According to Dan Rayburn, who wrote in a two-part post that debunks many of the theories posed in the blogosphere, it's really not a big deal.

"While one could assume that Google will do something with VP8 and Chrome tying into the new HTML 5 standard, is that the reason to spend $100M to acquire a codec? I don't think so. While many want to automatically assume Google will always be successful in whatever they do, simply because they are Google, they have never done anything well outside of search and advertising, as far as generating revenue goes. If they want to challenge H.264, they'll lose. If they simply acquired On2 for their own use in YouTube and Chrome, ok, could work. But it won't have any major impact on the industry."
UPDATE 8/9/09: Check out Tim Siglin's new blog WORKFLOWED, which he launched following a discussion on Dan's post, Google's Acquisition of On2 Not a Big Deal, Here's Why. Tim says: 
"Dan listed off a series of reasons why Google may not have been interested in purchasing On2. A fascinating read, and a bit of a different take from the news article I'd written early this morning, which outlined the deal. In between writing mine and reading Dan's I had spent some time thinking through what Google might be up to, so I posted the following as a comment on Dan's blog: Google Purchases On2 - Additional Thoughts"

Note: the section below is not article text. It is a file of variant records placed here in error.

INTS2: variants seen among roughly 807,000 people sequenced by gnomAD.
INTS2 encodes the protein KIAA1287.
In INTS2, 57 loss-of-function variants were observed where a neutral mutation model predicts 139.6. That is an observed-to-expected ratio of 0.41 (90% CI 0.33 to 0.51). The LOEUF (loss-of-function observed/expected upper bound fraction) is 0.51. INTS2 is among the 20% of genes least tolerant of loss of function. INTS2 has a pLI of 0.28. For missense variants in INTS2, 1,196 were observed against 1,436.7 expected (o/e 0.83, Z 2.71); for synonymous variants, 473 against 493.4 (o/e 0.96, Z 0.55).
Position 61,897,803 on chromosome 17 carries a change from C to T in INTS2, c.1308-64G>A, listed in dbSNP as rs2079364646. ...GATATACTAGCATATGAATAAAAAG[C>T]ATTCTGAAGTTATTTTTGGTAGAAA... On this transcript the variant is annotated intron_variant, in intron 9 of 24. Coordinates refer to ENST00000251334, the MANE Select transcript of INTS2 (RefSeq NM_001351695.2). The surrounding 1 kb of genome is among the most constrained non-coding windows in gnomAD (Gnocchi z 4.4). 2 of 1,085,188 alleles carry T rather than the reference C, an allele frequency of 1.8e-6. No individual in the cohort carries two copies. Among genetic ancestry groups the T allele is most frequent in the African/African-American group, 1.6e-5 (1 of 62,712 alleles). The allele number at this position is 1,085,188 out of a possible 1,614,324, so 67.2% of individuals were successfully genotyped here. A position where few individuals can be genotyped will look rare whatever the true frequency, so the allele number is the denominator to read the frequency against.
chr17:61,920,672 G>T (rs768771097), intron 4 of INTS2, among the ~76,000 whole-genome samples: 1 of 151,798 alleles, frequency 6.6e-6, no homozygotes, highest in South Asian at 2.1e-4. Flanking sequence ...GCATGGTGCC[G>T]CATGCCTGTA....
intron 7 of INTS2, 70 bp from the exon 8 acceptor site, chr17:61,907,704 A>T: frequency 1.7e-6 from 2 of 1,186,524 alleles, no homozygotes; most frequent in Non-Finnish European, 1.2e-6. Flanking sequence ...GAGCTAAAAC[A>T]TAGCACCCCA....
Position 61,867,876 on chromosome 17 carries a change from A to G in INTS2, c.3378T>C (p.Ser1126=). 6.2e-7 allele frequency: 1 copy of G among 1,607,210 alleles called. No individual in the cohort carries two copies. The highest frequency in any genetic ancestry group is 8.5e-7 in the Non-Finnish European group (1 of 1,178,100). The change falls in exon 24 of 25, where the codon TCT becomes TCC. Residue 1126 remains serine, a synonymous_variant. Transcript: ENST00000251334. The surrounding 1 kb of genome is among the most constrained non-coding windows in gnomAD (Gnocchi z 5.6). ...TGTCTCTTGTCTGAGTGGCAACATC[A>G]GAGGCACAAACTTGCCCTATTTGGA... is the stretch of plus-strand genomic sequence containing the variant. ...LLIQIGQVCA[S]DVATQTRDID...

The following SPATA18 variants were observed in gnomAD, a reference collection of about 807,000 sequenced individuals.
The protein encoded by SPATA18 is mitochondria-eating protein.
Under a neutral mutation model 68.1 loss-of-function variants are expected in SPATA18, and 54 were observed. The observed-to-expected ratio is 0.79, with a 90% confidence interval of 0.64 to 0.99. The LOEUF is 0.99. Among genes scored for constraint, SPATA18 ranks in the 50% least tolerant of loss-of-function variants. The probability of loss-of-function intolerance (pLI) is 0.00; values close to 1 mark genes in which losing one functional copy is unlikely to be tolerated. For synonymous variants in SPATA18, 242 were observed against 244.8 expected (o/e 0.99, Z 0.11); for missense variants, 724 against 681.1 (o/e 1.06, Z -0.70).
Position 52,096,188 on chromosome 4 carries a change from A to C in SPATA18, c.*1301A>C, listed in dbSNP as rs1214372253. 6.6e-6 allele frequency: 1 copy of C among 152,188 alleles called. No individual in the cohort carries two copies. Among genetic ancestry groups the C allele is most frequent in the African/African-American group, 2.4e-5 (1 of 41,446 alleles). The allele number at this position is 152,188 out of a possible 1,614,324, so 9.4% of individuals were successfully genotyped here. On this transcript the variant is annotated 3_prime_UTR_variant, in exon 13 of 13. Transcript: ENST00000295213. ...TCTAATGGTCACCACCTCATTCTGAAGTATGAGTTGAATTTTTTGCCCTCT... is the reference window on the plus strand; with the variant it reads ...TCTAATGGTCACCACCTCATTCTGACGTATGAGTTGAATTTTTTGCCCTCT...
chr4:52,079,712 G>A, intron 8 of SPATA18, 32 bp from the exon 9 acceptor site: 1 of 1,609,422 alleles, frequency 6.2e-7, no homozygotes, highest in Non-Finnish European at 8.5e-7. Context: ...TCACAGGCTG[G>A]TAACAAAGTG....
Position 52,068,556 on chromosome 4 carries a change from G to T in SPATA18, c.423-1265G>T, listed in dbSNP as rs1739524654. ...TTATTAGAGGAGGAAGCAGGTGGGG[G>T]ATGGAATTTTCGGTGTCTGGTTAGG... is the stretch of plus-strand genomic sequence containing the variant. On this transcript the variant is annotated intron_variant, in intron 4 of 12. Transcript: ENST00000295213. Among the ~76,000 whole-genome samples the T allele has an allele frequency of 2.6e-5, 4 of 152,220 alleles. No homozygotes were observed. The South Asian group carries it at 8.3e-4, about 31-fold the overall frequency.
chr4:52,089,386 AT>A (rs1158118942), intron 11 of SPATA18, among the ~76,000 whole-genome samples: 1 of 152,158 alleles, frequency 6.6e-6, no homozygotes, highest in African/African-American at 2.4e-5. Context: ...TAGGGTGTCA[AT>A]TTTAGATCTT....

"I would pay special attention to what Google does with On2 on Android, because there is an opportunity for it to outshine rivals such as RIM and Apple. Just look at On2’s mobile video arsenal: It owns technologies for embedded video for mobile platforms (Hantro) and On2 TrueMobile System, a mobile video system designed to send video across the networks — including 2.5G, Edge, 3G and 4G networks — using On2’s VP7 technology."

"... my angle on this acquisition is one that no other commentator I've yet seen has taken: following in the footsteps of the Chrome web browser and the Android and Chrome O/S operating systems, Google's pending direct control over On2 is the company's latest move to wrest control of the Web from companies such as Adobe, Apple, Microsoft and Mozilla (specifically, the latter's under-siege Firefox web browser)
Also, with the current legal issues around Skype, Google could use On2's video technology could enhance its video communication suite of tools (Voice, Talk, Wave) to compete with Skype. With the open source movement gaining speed and online video growing at explosive rates it will interesting to see how disruptive this latest acquisition by Google will be for the web video. For now we can only speculate and since the deal won't close until the fourth quarter the effect of this merger won't be felt for months but the ripples within the online video landscape are already starting to appear.